Selections for December 2016

You’re not seeing double . . .

2012 il FAUNO di ARCANUM – Tuscany, Italy

We shoot forward seven vintages to bring you yet another ‘Arcanum’ but one month later.  While we’ve adequately advocated for this wine which seems to satisfy perennially, why provide the newest bottling so soon?  Why subject you to another non-Sangiovese blend of 48% Merlot, 27% Cabernet Franc, 22% Cabernet Sauvignon, and 3% Petit Verdot right after its delicious, mellowed-out library experience?

Here’s why:

Wine Spectator just placed this new release on its Top 100 list at the 19th position.  Sensation ensued, a buying frenzy commenced, and our savvy rep told us to speak asap for our two-case allocation or miss out. 

We replied, “Il Fauno has seen support from TWS and its customers long enough to deserve more.  Can you please grant us enough for our World Class Club?”

(Pause)  “Yes, barely, if you take it NOW!”

. . . And so you have the youthful flip-side of last month’s older il Fauno Arcanum before you.  Delicious now, it will gain complexity over the next year or so.  We all now know how it ages; I’d advise some patience. 

Wine Spectator’s review:

“93 points:   A polished, flavorful red, boasting floral, black currant, raspberry and spice flavors. Firm yet harmonious, with the fine aftertaste lingering with fruit, iron, tobacco and tea elements. Merlot, Cabernet Franc, Cabernet Sauvignon and Petit Verdot. Drink now through 2024.”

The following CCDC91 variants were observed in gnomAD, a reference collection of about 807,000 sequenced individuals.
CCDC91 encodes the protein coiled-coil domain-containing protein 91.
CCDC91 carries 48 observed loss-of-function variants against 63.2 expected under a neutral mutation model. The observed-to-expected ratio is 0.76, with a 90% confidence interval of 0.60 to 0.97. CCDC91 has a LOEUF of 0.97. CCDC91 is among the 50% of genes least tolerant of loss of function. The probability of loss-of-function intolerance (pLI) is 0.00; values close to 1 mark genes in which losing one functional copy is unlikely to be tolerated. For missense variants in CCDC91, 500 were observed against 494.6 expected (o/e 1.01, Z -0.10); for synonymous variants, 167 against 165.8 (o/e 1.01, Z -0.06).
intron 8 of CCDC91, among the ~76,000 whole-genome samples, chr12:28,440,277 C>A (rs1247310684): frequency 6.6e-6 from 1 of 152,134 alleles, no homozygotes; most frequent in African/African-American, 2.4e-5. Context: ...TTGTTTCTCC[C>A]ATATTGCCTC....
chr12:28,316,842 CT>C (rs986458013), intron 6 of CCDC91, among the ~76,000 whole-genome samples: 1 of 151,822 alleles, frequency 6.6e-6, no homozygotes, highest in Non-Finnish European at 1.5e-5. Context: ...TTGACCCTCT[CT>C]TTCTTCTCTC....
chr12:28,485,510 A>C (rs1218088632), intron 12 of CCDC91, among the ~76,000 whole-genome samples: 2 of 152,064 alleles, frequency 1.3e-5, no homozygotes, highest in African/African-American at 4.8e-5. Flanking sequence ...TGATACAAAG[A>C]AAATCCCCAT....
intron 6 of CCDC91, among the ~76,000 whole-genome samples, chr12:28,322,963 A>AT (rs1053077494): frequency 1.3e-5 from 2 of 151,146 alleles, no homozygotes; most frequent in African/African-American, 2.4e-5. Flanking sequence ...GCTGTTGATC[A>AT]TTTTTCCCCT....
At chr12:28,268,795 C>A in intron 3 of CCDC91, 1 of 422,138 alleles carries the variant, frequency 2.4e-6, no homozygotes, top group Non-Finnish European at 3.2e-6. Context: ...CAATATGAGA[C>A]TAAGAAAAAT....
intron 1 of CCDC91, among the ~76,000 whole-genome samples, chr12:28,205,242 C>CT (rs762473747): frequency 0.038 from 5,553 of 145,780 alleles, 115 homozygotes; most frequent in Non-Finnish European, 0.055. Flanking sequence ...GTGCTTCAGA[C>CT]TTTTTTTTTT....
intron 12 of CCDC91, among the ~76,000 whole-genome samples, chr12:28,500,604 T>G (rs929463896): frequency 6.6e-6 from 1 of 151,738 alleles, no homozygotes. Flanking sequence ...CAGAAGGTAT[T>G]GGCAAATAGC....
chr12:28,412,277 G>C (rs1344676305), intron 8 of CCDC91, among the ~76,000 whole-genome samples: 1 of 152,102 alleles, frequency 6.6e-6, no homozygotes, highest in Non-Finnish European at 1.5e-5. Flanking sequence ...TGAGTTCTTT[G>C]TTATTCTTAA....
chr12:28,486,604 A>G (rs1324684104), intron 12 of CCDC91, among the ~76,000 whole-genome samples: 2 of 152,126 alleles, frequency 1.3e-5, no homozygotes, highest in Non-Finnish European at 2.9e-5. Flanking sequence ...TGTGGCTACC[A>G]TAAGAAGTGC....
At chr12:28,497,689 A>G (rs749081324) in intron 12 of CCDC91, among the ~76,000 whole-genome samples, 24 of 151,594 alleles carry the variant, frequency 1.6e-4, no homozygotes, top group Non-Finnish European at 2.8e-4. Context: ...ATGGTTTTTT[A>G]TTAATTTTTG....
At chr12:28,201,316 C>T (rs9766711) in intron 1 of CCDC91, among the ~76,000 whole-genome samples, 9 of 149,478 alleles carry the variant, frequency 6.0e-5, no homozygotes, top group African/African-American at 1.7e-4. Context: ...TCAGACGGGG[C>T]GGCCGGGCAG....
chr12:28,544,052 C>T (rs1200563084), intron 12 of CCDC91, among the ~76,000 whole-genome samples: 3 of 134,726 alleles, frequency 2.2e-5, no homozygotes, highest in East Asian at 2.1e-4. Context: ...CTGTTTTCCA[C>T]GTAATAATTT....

An relenting curmudgeon                              

2009 VIGNETI del VULTURE ‘Piano del Cerro’ – Aglianico del Vulture

Some years ago those in the know began declaring Aglianico to be Southern Italy’s up-and-coming equal to Piemonte’s Nebbiolo and Tuscany’s Sangiovese.  At its best, it was implied, this grape could answer the intrigue and complexity and cellarworthiness of great Barolo and Brunello di Montalcino.  That said, its message of rustic, gnarly fruit and formidable tannins is completely different; you cannot entirely compare apples to pears to oranges!    

Your two most famous and durable and complex examples of Aglianico?  Campagnia’s Taurasi and Basilicata’s Aglianico del Vulture.  This is the latter, from 70-80 year-old vines grown on the ancient volcano of Mount Vulture.  While some say you can’t perceive the soil from which a wine is derived, I insist that you can when you’re talking about older vines working in granite, limestone, slate, flint or volcanic product such as the dirt of Vulture.  Come on, just smell this and tell me a cinder cone isn’t in the neighborhood!

Dramatic – nearly frightening - with its grumpy tirade of scowling cherries and almost Carmenere-like hedge-trimming-ness, this wine surprises you with a generous syrup once it lands on your palate.  That is wonderfully developed Aglianico happening, tamed by time (and two long years in new French oak).  The tarry tannins persist, but now they’re comfortably wrapped in warm blankets of saucy black fruit. 

If ever there was a wine for winter fare – be it a big chunk of meat, rich mushrooms, or ripe cheeses – this is it!